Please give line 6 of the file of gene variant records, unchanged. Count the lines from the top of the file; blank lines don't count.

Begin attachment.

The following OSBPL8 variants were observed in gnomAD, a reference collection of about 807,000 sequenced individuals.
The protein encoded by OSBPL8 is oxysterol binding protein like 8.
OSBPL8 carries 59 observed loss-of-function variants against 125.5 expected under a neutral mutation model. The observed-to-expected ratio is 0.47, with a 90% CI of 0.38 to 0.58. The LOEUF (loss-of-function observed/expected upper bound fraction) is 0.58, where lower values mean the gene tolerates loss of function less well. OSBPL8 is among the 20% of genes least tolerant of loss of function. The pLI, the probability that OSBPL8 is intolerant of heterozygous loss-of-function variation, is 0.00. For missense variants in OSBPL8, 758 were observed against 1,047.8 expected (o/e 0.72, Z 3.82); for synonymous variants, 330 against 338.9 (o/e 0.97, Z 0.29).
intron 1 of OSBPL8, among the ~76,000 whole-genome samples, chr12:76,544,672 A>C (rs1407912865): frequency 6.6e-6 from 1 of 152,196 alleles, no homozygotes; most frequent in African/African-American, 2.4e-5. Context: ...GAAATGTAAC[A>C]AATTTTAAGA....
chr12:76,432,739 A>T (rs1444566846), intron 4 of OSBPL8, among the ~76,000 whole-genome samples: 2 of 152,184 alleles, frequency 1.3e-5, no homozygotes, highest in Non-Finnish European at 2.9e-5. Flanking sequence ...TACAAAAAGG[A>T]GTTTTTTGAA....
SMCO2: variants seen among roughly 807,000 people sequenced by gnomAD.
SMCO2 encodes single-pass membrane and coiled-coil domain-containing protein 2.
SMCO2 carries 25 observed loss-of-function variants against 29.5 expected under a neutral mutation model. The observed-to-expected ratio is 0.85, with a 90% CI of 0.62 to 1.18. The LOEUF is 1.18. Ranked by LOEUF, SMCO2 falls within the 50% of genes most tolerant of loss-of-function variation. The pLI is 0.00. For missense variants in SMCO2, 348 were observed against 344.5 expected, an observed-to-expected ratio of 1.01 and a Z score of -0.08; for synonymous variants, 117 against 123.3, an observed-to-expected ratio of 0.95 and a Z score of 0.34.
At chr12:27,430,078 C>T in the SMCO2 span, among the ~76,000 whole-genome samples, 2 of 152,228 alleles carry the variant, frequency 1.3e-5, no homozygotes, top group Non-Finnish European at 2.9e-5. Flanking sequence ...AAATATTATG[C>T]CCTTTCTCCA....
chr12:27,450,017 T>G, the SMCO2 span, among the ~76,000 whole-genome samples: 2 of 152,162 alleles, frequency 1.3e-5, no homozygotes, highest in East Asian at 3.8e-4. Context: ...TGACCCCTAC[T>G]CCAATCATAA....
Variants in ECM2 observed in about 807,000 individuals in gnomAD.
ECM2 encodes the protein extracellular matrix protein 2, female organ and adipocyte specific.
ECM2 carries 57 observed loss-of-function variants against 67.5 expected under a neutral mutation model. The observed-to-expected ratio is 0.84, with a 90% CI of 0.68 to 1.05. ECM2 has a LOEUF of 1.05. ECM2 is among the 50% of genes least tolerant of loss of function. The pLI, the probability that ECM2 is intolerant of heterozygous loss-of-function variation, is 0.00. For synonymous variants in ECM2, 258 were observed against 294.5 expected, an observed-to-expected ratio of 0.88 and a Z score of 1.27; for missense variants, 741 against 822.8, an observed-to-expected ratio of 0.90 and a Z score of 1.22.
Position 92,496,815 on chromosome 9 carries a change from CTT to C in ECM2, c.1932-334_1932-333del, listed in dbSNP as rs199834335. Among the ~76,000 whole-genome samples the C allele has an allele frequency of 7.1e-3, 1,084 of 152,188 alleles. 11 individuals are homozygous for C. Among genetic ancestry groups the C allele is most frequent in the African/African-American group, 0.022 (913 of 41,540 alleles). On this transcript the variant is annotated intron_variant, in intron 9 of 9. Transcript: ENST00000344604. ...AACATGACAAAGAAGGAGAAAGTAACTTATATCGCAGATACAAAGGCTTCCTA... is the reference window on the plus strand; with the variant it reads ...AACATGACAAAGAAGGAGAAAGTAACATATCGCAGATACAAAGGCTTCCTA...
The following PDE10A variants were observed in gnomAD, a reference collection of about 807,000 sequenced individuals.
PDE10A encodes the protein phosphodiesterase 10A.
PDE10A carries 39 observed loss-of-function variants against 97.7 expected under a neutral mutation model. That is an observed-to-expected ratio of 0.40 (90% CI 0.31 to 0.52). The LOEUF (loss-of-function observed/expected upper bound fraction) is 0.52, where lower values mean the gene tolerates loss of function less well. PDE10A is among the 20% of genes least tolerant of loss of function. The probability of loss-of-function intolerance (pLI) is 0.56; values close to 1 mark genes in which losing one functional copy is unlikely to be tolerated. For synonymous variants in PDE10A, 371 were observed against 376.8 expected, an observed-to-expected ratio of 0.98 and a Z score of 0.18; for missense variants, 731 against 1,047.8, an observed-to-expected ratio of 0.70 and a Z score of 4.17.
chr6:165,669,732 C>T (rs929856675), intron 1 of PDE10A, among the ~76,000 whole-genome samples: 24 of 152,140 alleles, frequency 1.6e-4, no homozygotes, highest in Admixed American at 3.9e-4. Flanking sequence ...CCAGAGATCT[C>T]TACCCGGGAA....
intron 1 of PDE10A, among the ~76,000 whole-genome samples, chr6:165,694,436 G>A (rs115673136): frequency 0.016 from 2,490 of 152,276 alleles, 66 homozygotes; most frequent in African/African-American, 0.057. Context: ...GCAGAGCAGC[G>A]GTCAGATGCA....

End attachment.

SMCO2: variants seen among roughly 807,000 people sequenced by gnomAD.